Summary: In this how to article, Microsoft Scripting Guy Ed Wilson discusses design considerations for Windows PowerShell functions.
Hey, Scripting Guy! I am trying to decide how to configure my Windows PowerShell function. I have heard that functions should return objects, but I am thinking that it would be better for my function to produce my report. What is correct?
Hello TS, Microsoft Scripting Guy Ed Wilson here. When I think of scripts I generally think about functionality. I have to know what the script is supposed to accomplish. For me the main purpose of a script is to perform a specific action, or to return certain information. I generally try to avoid writing scripts that accomplish multiple tasks. There are several reasons for this, the first is that it makes the script complicated, and complication is the opposite of maintainability and supportability. Therefore, I would probably write one script that enables DHCP on a client workstation, and a different script to set a static IP address on a client workstation.
If I need a script that will provide either the ability to enable DHCP on a client workstation, or the ability to set a static IP address on a client workstation, I will need a way to organize this functionality so that the script will be easy to read and to understand. To do this, I will move the code into separate functions. Therefore, one function will be named Set-DHCP and the other function will be named Set-StaticIPAddress. In this approach to organizing the functionality of the script, the functions behave like traditional scripts, and the script itself is more of a wrapper that is used to expose the functionality that is encapsulated inside the two functions.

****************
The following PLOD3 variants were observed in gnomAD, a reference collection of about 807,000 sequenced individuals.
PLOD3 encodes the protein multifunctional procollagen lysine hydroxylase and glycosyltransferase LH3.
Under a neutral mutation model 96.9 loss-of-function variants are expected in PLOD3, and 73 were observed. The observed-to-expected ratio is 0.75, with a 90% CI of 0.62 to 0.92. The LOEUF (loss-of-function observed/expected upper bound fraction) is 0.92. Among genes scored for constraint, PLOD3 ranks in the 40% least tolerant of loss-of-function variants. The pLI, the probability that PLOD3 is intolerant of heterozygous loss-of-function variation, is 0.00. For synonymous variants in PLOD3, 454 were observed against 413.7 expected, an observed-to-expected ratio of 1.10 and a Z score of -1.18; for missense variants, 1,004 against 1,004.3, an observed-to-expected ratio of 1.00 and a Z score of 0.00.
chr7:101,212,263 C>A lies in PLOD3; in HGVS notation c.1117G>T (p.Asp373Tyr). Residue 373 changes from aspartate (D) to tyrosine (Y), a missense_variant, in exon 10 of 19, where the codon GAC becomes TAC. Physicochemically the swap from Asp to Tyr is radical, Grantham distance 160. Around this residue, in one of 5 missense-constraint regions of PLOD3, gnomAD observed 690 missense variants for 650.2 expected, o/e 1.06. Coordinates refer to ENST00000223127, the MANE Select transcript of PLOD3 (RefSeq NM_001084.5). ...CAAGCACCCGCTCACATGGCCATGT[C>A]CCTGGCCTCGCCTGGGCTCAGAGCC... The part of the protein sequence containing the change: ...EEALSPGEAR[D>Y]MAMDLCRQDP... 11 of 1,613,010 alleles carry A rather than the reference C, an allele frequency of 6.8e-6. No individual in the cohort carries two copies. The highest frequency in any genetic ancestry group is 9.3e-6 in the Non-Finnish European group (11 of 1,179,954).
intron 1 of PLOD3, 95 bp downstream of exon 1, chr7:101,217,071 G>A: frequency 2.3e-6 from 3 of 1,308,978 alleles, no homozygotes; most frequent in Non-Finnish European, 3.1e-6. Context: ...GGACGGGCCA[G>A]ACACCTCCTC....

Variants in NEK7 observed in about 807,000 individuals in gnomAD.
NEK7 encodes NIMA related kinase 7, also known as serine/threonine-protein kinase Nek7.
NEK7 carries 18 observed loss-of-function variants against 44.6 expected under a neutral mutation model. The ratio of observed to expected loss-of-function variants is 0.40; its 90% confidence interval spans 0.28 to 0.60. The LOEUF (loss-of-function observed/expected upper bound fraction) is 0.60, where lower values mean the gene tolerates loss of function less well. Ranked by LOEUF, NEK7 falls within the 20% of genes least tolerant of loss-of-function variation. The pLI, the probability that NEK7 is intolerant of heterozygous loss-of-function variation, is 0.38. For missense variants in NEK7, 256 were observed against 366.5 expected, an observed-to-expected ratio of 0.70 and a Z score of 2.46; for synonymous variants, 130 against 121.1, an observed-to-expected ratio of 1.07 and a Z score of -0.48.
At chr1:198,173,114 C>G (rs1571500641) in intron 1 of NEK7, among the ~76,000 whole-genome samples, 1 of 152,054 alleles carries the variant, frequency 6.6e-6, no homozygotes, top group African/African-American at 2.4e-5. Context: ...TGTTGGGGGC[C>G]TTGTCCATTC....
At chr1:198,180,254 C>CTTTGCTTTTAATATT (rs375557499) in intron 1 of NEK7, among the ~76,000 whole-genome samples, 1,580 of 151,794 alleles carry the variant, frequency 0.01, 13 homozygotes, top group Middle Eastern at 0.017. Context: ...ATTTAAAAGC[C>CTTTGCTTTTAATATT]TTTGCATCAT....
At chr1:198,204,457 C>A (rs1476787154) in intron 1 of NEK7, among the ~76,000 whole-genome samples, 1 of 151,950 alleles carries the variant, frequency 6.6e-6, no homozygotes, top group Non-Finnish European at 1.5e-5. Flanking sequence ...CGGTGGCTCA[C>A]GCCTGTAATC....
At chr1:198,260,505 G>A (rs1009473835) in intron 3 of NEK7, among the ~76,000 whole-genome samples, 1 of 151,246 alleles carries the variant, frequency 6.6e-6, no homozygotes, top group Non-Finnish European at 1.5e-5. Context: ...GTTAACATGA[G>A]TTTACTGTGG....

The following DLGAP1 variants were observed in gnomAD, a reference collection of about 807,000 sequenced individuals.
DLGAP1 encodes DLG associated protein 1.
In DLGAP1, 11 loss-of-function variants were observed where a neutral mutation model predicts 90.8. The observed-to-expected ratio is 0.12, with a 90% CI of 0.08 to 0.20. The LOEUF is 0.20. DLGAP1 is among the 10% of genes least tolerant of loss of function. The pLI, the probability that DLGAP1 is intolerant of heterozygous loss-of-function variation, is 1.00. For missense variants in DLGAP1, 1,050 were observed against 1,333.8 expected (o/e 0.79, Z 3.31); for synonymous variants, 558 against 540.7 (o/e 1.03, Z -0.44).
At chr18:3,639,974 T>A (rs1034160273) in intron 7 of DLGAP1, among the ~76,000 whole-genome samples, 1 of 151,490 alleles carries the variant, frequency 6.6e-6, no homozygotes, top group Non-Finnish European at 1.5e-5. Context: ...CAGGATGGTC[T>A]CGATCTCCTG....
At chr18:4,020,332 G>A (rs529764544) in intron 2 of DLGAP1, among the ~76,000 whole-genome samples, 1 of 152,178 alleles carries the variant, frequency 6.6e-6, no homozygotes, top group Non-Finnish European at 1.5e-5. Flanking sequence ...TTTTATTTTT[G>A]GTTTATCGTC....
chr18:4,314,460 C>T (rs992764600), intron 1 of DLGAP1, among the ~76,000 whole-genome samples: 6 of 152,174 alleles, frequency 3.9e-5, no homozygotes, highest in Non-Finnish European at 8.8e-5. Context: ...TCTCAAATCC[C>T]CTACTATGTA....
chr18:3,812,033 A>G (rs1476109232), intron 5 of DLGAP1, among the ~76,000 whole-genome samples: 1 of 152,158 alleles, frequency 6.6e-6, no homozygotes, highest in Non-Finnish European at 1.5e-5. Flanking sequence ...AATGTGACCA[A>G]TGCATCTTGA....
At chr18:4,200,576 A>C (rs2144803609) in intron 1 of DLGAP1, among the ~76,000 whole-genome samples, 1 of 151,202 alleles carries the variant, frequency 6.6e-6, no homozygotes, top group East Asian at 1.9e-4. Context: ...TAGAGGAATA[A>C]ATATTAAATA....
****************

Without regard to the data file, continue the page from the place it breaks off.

When designing functions, one of the things I have to know is if the function is to work remotely or only locally. In the Set-DHCP function and in the Set-StaticIPAddress functions, the technology that will be used is Windows Management Instrumentation (WMI) and therefore there is a provision for connecting to a remote computer and making the configuration changes. The script that would host these two functions, should therefore expose a ComputerName parameter. In addition to providing for remote management, the next design consideration is whether the script should merely impersonate the logged on user who is running the script, or if the script should expose the ability to use alternate credentials. WMI lets you use alternate credentials for remote connections, but not for local connections. Therefore, if the script attempts to perform a privileged operation on the local machine, from a non-administrator account the operation will fail. One thing to keep in mind is that Windows PowerShell is not UAC aware. Therefore, it will not prompt for elevation. It is up to the script writer to know beforehand if the script will require elevated rights. If the script requires elevated rights, the script should check whether the account that is used to launch the script is a member of the administrator group. If the account that is used to launch the script is not a member of the admin group, the script should display an appropriate message and exit gracefully. This check should be the first thing the script does so that the user can take appropriate action. You might decide that you would rather just launch an elevated Windows PowerShell console and try to run the script from there. That, of course, is a design consideration. To me, it is more trouble that it is worth. However, it might make sense in certain circumstances.